In the effort to end the US occupation, the next battle may be over the Webb Amendment, which seeks to codify limits on the length of combat tours and requirements for an equal period of rest, recovery and retraining.
Webb’s effort is about the math of rotations, and just like the surge, it’s math has its own inexorable effect on the occupation forces. If you can impose these limits on tours and down time, you can force the President to maintain fewer troops than he might like and might even force him to withdraw the surge forces a little sooner. But that’s all.
Once the math works its way through the system to force a modest reduction, the withdrawal strategy is done, meaning we still wind up with about 100,000 or so troops in Iraq into 2009. That would still leave the next President to deal with the political and military risks of what to do with a very large occupation and whether/how to end it or change its mission.
The cloture vote on Webb’s Amendment got 56 votes last time, and the Democratic hope of salvaging something from Bush’s term lies in the Amendment getting at least 60 votes this time (although there may be a strategy for attaching the amendment to the Defense Appropriations Bill that does not require 60 votes). It says a lot that the Republicans would not allow an amendment that clearly supports the troops and their families to even get to a vote in the Senate.
The Administration is already practicing the arguments against this modest proposal, sending out Secretary Gates and Pentagon spokesmen, as well as neocon favorite Fred Kagan, to claim that such mandatory limits are unworkable. Their main argument? That it would require the Pentagon to keep track of every soldier, his or her specific dates relative to the limits, and the effect on the overall force levels of that soldier’s unit. There are two answers: (1) Yes, but so what? (2) Is Gates saying he can’t meet the promises he made to the troops last winter? Does George Bush now require that Gates betray his troops?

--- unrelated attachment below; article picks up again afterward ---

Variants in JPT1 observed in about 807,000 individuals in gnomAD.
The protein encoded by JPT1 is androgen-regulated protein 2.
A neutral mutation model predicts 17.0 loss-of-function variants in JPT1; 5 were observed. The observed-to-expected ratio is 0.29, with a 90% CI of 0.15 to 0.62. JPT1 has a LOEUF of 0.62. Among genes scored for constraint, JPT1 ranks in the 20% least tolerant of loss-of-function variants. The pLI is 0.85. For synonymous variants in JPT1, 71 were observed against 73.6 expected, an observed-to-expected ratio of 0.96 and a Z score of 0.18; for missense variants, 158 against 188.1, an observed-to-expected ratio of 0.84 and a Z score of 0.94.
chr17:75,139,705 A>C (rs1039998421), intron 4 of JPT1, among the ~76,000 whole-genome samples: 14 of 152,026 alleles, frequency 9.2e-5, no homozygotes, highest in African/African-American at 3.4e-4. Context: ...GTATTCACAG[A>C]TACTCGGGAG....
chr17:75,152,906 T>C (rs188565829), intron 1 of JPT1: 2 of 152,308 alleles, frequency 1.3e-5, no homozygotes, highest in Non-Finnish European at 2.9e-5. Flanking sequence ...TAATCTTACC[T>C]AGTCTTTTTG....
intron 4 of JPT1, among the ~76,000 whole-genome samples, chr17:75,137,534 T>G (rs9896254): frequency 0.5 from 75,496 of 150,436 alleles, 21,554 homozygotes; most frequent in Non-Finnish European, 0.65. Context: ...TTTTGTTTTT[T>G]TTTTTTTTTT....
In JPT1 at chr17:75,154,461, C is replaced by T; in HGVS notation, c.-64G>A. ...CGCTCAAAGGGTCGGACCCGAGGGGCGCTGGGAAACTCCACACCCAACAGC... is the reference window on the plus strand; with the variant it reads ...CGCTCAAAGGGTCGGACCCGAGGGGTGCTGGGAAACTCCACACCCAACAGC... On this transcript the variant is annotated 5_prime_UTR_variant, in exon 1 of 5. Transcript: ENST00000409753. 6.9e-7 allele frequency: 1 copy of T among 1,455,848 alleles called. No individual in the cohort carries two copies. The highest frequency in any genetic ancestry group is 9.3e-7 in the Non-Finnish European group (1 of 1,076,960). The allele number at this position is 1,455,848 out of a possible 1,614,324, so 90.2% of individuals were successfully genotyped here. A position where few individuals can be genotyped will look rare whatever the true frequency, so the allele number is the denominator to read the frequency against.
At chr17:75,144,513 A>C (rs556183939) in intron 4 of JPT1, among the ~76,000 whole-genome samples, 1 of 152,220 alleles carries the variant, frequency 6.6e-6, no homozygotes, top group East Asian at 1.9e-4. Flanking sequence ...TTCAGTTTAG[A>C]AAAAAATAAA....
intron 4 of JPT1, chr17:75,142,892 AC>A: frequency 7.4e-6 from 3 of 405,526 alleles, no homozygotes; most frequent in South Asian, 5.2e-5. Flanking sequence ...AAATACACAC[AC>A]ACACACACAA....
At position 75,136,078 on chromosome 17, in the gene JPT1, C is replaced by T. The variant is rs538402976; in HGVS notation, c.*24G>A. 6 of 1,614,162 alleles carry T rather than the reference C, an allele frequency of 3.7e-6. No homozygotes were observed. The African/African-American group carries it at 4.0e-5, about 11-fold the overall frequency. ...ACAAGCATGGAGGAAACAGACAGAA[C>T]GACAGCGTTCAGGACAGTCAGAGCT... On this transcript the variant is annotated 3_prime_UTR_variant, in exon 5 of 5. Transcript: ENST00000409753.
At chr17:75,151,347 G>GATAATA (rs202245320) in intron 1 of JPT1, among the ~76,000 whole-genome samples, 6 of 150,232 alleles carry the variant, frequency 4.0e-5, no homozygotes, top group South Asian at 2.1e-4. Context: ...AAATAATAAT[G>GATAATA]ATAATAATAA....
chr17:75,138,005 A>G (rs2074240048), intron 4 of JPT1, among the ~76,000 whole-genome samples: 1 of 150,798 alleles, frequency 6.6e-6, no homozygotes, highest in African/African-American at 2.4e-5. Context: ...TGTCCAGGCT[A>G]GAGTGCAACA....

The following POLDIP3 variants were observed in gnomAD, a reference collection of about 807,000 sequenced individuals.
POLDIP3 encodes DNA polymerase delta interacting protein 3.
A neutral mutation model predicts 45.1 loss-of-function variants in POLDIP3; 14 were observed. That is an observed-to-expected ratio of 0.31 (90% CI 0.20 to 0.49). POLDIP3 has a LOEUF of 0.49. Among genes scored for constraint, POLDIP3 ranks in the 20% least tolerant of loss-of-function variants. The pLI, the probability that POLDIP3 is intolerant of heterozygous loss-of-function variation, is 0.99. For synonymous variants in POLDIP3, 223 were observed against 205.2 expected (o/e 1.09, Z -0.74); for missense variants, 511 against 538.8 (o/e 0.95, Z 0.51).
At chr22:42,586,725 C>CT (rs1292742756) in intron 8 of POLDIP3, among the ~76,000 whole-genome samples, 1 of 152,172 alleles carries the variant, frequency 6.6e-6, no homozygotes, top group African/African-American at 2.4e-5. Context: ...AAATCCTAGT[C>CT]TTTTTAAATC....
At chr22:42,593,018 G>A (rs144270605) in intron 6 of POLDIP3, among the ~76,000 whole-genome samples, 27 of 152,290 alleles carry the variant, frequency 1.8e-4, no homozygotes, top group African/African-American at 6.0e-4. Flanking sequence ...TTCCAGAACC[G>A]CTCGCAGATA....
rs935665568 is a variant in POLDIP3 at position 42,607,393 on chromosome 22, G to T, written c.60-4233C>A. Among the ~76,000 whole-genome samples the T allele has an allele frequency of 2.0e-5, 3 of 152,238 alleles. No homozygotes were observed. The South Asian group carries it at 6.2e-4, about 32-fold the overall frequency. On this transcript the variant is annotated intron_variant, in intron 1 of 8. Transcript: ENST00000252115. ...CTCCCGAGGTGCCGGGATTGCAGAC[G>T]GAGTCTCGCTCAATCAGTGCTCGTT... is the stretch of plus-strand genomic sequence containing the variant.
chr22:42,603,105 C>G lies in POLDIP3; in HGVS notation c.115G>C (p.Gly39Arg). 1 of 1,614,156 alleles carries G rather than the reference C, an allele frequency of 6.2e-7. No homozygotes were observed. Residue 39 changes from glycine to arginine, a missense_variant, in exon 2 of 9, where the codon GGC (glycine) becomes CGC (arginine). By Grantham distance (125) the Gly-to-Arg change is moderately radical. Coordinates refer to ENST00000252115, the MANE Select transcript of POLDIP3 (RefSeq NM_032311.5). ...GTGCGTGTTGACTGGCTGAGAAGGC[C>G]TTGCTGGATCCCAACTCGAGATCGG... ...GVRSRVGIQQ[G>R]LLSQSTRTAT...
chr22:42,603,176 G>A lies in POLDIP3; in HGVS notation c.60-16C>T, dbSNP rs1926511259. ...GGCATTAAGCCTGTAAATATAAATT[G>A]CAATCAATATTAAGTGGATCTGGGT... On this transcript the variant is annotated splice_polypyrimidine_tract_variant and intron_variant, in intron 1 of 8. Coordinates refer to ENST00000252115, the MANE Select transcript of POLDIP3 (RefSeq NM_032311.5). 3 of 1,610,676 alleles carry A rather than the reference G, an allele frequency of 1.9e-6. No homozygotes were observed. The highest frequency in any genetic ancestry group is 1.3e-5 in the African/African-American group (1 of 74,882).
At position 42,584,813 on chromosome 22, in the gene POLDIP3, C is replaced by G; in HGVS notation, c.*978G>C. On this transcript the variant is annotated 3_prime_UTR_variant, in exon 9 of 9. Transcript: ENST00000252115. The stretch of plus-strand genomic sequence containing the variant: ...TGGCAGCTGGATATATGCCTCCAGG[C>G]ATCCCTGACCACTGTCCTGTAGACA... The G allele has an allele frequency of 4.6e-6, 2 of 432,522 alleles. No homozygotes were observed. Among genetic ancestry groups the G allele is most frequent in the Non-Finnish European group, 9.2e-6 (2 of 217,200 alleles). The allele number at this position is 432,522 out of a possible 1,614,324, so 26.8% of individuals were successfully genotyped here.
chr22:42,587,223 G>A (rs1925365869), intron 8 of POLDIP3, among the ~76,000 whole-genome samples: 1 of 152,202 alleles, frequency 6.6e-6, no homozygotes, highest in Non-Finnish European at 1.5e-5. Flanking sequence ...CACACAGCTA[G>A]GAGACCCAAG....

Astonishingly, the Pentagon is claiming that it does not have the ability to do such individual tracking and still maintain functioning combat units. I say astonishing, because 35 years ago, these same people did exactly that: they had to keep track of my individual dates — when I came in country, how long my tour was, what my R&R entitlements were — and the same information for every one of my buddies, as they rotated each of us in individually and rotated us out individually, as our respective tours began and ended.
Fresh troops were continually being cycled in to replace those who had finished their tours. New guys worked along side those who had been there for a few months or many months. We learned from the “short timers”, and we in turn passed on what we knew to others who followed. And the Army did this for all 500,000 plus troops in Vietnam. It’s not rocket science; it’s called accounting.
The rotation policy may well be structured differently now, but the suggestion that the Pentagon doesn’t know how to field an Army while honoring a commitment that our soldiers don’t have tours longer than 12 or 15 months (or whatever the number) and get an equal time off between tours is preposterous and insulting. But in the age of Bush, preposterous and insulting positions get repeated endlessly if left unchallenged, and then become national policy.
Photo of Secretary Gates: AFP/File/Hassan Ammar